Fake company makes real splash at HIMSS11

By Mike Miliard
09:00 AM

"Brantley Whittington," the fictional CEO of the fictional EHR firm Extormity, which pokes fun at the excesses of some vendors, revealed his true identity Tuesday morning at HIMSS11.

Jeff Donnell, president of Fort Wayne, Ind.-based NoMoreClipboard, a personal health record company that's a spin-off of EHR vendor Medical Informatics Engineering, announced that Extormity is his creation during a press conference.

[See also: Extormity unveiled]

While he spent much of the talk highlighting his own (real) company's bona fides, Donnell also announced the launch of Extormity's newest solution: "Manacle: The Shackled Patient Portal."

"If you like tethered portals, you're going to love being shackled," he said, as a photo of a pair of rusty handcuffs flashed on the screen.

The joke is emblematic of Extormity's mission, said Donnell, who expressed gratitude (and a bit of surprise) that HIMSS had invited him to appear, in character, at the HIT X.0 conference on Thursday morning.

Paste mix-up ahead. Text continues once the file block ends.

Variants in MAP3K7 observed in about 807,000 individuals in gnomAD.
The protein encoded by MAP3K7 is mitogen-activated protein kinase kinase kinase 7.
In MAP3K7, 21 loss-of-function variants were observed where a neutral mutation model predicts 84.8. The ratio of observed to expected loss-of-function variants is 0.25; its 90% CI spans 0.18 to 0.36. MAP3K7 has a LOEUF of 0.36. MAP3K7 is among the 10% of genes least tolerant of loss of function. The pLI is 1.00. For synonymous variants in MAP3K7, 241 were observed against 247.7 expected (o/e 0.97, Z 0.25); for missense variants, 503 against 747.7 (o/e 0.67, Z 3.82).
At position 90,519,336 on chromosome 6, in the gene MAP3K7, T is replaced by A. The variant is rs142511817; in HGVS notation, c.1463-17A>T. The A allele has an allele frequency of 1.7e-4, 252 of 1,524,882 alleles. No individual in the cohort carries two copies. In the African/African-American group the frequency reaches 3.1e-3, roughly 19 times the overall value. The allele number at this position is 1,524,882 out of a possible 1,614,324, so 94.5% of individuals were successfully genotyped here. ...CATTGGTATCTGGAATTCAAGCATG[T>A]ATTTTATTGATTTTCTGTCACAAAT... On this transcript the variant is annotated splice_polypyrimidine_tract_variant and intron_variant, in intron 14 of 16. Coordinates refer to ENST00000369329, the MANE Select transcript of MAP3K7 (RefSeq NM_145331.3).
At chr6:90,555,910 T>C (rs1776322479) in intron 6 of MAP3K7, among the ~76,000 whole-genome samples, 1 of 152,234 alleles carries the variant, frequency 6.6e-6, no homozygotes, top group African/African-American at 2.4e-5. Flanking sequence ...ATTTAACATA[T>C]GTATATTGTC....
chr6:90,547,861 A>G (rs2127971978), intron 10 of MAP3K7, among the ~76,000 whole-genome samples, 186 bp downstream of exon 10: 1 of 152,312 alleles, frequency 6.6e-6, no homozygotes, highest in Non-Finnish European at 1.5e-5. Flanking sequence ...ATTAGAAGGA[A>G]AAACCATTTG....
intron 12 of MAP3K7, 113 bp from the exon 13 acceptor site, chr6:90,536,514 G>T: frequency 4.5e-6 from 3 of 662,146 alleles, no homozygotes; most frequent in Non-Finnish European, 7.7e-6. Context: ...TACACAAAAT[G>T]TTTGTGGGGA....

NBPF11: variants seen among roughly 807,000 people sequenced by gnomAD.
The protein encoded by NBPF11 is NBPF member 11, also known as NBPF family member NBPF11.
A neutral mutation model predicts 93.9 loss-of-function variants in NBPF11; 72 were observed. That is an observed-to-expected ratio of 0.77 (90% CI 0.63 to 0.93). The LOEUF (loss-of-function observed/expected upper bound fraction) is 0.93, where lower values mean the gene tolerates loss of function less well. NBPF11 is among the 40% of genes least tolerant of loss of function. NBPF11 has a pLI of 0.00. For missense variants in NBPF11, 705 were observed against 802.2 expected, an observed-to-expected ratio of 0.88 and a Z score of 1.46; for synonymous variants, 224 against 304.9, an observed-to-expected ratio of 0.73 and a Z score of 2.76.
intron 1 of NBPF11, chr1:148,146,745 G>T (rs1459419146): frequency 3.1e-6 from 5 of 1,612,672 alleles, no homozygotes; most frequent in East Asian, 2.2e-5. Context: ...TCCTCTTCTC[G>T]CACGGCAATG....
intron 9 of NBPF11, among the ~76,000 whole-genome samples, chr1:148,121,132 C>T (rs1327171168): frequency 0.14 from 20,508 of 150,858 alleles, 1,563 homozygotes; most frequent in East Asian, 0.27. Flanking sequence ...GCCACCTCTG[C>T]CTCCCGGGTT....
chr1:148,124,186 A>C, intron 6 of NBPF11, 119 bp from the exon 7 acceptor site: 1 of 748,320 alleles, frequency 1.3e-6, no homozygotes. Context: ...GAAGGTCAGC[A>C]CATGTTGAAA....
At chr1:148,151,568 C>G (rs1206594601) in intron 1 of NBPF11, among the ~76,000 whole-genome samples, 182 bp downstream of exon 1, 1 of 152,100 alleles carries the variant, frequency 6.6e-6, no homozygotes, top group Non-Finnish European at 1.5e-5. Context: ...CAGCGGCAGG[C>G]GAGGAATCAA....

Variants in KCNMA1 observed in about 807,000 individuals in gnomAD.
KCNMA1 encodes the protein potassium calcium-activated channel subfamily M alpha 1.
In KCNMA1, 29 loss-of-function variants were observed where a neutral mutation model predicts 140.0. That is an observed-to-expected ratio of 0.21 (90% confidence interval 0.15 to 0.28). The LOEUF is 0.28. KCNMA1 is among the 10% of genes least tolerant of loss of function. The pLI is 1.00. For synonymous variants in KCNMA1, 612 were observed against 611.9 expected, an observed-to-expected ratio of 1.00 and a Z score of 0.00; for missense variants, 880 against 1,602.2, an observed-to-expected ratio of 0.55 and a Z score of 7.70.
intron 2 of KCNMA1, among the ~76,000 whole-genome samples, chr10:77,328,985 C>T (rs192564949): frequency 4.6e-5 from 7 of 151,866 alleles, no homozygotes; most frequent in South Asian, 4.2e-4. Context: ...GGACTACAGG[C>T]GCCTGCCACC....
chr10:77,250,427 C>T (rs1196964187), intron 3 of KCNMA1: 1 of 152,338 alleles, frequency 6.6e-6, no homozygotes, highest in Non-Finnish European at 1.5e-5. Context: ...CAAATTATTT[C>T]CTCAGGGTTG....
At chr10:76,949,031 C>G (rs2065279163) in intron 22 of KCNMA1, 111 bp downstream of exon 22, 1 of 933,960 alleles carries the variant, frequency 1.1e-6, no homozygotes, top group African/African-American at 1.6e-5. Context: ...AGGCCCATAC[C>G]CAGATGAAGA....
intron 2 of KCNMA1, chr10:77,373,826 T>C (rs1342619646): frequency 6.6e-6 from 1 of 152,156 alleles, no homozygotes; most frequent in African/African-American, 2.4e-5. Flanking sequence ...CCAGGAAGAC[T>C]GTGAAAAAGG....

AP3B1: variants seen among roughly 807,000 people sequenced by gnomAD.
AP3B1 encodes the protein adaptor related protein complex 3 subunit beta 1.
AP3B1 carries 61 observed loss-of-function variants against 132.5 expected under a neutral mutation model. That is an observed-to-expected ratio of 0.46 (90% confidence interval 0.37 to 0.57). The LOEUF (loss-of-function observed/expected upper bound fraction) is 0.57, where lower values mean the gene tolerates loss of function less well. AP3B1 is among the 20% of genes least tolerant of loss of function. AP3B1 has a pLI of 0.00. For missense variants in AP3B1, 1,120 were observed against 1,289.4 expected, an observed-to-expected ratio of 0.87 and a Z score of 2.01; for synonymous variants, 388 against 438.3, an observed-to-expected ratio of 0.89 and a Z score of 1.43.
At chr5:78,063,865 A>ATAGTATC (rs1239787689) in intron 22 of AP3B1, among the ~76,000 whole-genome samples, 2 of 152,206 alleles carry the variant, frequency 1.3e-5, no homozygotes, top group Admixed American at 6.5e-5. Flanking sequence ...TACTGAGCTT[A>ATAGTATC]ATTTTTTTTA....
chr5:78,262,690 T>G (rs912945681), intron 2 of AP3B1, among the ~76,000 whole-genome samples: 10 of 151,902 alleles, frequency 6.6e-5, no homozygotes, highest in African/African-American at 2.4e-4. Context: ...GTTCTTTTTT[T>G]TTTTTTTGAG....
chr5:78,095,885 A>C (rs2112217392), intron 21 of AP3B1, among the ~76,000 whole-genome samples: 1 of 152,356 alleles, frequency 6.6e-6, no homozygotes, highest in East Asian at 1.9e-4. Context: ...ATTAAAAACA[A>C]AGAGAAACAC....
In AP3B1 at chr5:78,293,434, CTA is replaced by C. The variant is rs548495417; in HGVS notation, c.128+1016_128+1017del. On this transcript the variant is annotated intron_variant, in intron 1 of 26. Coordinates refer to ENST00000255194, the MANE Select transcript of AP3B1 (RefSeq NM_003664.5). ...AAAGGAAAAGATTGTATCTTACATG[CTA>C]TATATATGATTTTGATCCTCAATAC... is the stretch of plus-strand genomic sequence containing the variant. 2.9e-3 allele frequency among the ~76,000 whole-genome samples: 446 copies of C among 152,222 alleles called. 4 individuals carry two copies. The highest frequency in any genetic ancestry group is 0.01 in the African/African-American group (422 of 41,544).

[See also: Extormity at HIMSS11: The mask comes off]

Part of the reason NoMoreClipboard was established as a separate legal entity from MIE was that "we had philosophical concerns with the concept of a tethered patient portal," said Donnell. "Generally the consumer, the patient, can't add information or take the information with them elsewhere."

That's just one instance of the sort of locked-down proprietary model against which NoMoreClipboard and MIE – who tout affordable, interoperable Web-based apps – stand.

As the firms started seeking clients outside Indiana, they heard stories from providers unhappy with the cost, disruption and poor customer service of their EHRs. Those "tales of woe," said Donnell, inspired the creation of Extormity: a funny and creative way to "shine a light on the fact that there are some questionable practices out there in the vendor community."

The most common EHR complaints from providers? Prohibitive costs and necessitated workflow changes. So, from "extortion" and "conformity" came Extormity.

The firm's parodic press releases have found a receptive audience in the health IT industry. Its website saw 40,000 visitors in the first month. It seems, said Donnell, to have "tapped into a deep, rich, pervasive vein of discontent."

The "innovative and subversive" project is in keeping with NoMoreClipboard and MIE's business philosophy, said Donnell. "We consider ourselves to be sort of a challenger brand. As you'll see on the show we have a nice exhibit, but we don't have an aircraft carrier."